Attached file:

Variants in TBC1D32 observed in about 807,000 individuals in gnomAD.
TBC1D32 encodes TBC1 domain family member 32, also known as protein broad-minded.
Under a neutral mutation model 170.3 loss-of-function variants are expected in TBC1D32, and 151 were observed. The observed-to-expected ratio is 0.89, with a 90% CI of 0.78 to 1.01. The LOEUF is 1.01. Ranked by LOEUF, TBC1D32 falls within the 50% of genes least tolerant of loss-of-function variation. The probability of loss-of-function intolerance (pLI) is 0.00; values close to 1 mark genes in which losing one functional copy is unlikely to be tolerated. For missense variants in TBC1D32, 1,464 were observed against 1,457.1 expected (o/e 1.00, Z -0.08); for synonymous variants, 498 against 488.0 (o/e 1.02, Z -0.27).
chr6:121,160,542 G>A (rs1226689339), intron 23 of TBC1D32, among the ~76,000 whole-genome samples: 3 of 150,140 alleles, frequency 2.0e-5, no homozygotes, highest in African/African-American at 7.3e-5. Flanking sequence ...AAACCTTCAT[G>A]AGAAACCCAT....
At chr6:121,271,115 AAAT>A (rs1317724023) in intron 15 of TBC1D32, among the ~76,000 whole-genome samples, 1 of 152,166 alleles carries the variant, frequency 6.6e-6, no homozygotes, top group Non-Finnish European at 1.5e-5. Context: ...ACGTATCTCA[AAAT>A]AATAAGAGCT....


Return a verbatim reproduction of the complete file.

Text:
Variants in TBC1D32 observed in about 807,000 individuals in gnomAD.
TBC1D32 encodes TBC1 domain family member 32, also known as protein broad-minded.
Under a neutral mutation model 170.3 loss-of-function variants are expected in TBC1D32, and 151 were observed. The observed-to-expected ratio is 0.89, with a 90% CI of 0.78 to 1.01. The LOEUF is 1.01. Ranked by LOEUF, TBC1D32 falls within the 50% of genes least tolerant of loss-of-function variation. The probability of loss-of-function intolerance (pLI) is 0.00; values close to 1 mark genes in which losing one functional copy is unlikely to be tolerated. For missense variants in TBC1D32, 1,464 were observed against 1,457.1 expected (o/e 1.00, Z -0.08); for synonymous variants, 498 against 488.0 (o/e 1.02, Z -0.27).
chr6:121,160,542 G>A (rs1226689339), intron 23 of TBC1D32, among the ~76,000 whole-genome samples: 3 of 150,140 alleles, frequency 2.0e-5, no homozygotes, highest in African/African-American at 7.3e-5. Flanking sequence ...AAACCTTCAT[G>A]AGAAACCCAT....
At chr6:121,271,115 AAAT>A (rs1317724023) in intron 15 of TBC1D32, among the ~76,000 whole-genome samples, 1 of 152,166 alleles carries the variant, frequency 6.6e-6, no homozygotes, top group Non-Finnish European at 1.5e-5. Context: ...ACGTATCTCA[AAAT>A]AATAAGAGCT....